I have already talked about how my confidence and education in middle school has grown, but I haven’t spoken about how my personality has. I have noticed that I have become a kinder, more genuine person throughout my three years at this middle school all because of the mitzvah trips that we go on every Friday. On these mitzvah trips, I have seen what it is like for people who don’t have as much as I do. Sometimes we go and deliver honey-cakes and Purim baskets to the people of our community who aren’t as fortunate as me. When you do a mitzvah like that, it makes you feel like you are a mensch, especially when they thank you after you finish the deed. It really effects the way that you see the world around you, and it effects the way that you see yourself.
Not only do I feel good after doing a mitzvah, but I start to appreciate what I have much more than I used to. Going on mitzvah trips every Friday and helping people who are not as fortunate as me makes me feel very unhappy for them. I want to do everything that I can to help them, but then I look around me. When I do, I notice how lucky and fortunate I am to have everything that I do. Those people that I see and help every Friday, they are lucky if they get dinner that night.
Throughout three years middle school has changed me majorly. But throughout the three years of being here, I am happy that I attended The Martin J. Gottlieb Day School. If I didn’t, I would never had made the memories and friendships that I have now.
This past Friday, our middle school went to Mt. Carmel so we could do a Passover Seder with them. Mt. Carmel, for those of you who don’t know, is a retirement home for the elderly. As we entered, my two peers, Zoe and Jamie, helped me set up all of the plates around the entire room including the Seder plates. Finally, after everything was set up, we started the Seder. It was very fun explaining to the other adults there why we eat specific things, and why we celebrate Passover and have a Seder.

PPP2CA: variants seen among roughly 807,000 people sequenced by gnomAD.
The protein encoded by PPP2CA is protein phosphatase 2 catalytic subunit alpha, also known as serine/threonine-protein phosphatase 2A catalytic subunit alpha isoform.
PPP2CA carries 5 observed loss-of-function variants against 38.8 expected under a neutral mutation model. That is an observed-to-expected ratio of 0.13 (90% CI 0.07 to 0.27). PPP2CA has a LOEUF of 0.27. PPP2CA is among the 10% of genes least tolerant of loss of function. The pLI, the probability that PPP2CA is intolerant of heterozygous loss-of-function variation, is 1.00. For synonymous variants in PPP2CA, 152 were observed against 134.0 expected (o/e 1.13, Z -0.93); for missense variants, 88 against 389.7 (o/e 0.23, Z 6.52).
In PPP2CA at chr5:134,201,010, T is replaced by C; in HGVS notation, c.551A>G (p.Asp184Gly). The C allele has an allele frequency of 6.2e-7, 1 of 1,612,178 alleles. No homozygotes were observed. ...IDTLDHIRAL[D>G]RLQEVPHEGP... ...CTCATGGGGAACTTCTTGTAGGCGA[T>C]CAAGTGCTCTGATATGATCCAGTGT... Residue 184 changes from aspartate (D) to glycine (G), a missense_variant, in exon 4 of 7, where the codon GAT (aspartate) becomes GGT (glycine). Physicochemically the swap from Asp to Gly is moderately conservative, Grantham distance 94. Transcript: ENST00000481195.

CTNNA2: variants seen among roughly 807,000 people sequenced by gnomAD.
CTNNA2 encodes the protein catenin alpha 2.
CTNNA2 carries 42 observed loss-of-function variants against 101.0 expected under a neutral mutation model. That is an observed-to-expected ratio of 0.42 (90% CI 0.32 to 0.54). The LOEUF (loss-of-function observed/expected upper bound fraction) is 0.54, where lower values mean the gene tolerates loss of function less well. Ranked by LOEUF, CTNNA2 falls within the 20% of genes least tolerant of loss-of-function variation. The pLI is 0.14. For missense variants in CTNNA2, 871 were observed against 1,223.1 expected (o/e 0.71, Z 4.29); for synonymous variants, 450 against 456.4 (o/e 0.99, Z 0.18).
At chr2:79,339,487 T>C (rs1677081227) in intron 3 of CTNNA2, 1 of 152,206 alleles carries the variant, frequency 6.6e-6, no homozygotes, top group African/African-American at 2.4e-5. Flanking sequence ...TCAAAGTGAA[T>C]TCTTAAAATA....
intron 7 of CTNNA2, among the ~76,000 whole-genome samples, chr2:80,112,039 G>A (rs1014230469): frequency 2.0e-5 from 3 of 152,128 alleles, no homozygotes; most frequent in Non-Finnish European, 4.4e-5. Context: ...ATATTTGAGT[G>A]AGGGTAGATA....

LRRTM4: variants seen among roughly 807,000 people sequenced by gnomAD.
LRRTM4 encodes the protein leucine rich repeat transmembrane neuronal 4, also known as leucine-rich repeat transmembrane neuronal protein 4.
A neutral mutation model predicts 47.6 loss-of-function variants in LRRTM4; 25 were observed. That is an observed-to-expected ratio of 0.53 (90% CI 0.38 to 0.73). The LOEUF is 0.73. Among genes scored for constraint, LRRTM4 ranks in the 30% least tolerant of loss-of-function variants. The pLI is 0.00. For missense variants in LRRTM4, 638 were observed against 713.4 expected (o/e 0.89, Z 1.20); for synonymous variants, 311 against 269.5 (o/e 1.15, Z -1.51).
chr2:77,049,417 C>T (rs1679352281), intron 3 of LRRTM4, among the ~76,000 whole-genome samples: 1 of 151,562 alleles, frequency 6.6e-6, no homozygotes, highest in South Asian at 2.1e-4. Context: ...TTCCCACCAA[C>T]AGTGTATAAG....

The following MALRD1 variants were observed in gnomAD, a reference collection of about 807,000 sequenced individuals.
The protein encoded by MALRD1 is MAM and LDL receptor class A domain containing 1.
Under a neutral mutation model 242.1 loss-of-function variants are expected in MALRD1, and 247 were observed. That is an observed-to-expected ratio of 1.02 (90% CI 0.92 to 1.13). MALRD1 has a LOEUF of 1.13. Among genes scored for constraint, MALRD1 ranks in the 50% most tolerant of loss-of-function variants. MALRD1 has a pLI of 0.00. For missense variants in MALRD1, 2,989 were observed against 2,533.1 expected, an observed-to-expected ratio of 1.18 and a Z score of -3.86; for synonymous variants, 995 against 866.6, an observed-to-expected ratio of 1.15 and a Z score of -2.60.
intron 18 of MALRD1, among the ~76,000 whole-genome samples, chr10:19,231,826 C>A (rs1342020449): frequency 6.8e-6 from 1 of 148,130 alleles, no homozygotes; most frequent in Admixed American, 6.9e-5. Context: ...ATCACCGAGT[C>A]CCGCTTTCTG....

What our middle school did was a very important mitzvah which was Hiddur Penei Zaken, honoring the elderly. After we finished the Seder, I was very upset that it was over. Not only because Passover is my favorite holiday, but because I was having fun. I wanted to stay and continue the Seder and continue to meet and introduce myself to more of the people who live there.
Since I am now an eighth grader, I will not be returning there, and that really upsets me. But I hope that the upcoming eighth graders, seventh graders, and the upcoming sixth graders enjoy going there, and make a difference in the elderly’s life there just like how I believe my class has done the past three years.
In Language Arts class, we recently finished reading the outstanding classic novel To Kill a Mockingbird by: Harper Lee. After we finished the story, our Language Arts teacher gave us a list of projects to do that has to do with the book. One of the projects was to create a newspaper article on the topic of Tom Robinson’s trial that occurred in the book. Below, it shows the pictures of the newspaper article that I wrote. I hope you like it!
The directions say; an experiment consists of rolling two fair dice. Find each probability.
Lets say, that the problem was P(total shown = 4)
You would look up at those dice above. If you can’t tell, there are two groups of dice here. And, in all, there is 36. So if the problem is P(total shown = 4) then you would have to find all of the ones that equal four.
As you can see here, everything that I circled equals four. 3,1 which is really 3 + 1, 2,2 and 1,3. So, you would get:
3/36 is your answer but it isn’t reduced. You have to reduce it, and you would get:
So your answer is 1/12 because 3 can be divided by 3 which gives you 1, and 36 can be divided by 3 which gives you 12.
On Friday, our middle school went downtown to plant some plants at the Jacksonville Bridge. This picture shows only a small portion of what we had planted on Friday.
This project relates to Tu B’Shvat because it had to do with the earth, and planting. Tu B’Shvat is about that too. The holiday gives us examples on how to be better in the environment, and that is what we did.